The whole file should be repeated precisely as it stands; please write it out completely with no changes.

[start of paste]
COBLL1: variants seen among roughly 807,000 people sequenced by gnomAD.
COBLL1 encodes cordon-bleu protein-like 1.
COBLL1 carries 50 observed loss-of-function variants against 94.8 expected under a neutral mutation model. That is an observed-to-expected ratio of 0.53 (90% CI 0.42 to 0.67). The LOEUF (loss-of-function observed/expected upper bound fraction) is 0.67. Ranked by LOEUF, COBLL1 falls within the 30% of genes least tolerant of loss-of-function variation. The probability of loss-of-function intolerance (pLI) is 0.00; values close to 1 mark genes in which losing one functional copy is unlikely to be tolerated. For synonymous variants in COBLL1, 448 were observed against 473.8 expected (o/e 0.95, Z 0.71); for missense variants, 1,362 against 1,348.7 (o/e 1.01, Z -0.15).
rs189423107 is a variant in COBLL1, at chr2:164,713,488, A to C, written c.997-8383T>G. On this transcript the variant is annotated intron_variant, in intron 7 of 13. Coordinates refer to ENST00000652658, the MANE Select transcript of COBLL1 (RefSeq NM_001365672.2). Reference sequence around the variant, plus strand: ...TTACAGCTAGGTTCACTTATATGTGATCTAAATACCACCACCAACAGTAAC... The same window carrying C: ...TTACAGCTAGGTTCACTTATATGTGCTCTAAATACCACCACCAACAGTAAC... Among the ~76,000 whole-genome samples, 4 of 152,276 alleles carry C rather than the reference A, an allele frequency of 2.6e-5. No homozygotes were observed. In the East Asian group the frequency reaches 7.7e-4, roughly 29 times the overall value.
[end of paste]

COBLL1: variants seen among roughly 807,000 people sequenced by gnomAD.
COBLL1 encodes cordon-bleu protein-like 1.
COBLL1 carries 50 observed loss-of-function variants against 94.8 expected under a neutral mutation model. That is an observed-to-expected ratio of 0.53 (90% CI 0.42 to 0.67). The LOEUF (loss-of-function observed/expected upper bound fraction) is 0.67. Ranked by LOEUF, COBLL1 falls within the 30% of genes least tolerant of loss-of-function variation. The probability of loss-of-function intolerance (pLI) is 0.00; values close to 1 mark genes in which losing one functional copy is unlikely to be tolerated. For synonymous variants in COBLL1, 448 were observed against 473.8 expected (o/e 0.95, Z 0.71); for missense variants, 1,362 against 1,348.7 (o/e 1.01, Z -0.15).
rs189423107 is a variant in COBLL1, at chr2:164,713,488, A to C, written c.997-8383T>G. On this transcript the variant is annotated intron_variant, in intron 7 of 13. Coordinates refer to ENST00000652658, the MANE Select transcript of COBLL1 (RefSeq NM_001365672.2). Reference sequence around the variant, plus strand: ...TTACAGCTAGGTTCACTTATATGTGATCTAAATACCACCACCAACAGTAAC... The same window carrying C: ...TTACAGCTAGGTTCACTTATATGTGCTCTAAATACCACCACCAACAGTAAC... Among the ~76,000 whole-genome samples, 4 of 152,276 alleles carry C rather than the reference A, an allele frequency of 2.6e-5. No homozygotes were observed. In the East Asian group the frequency reaches 7.7e-4, roughly 29 times the overall value.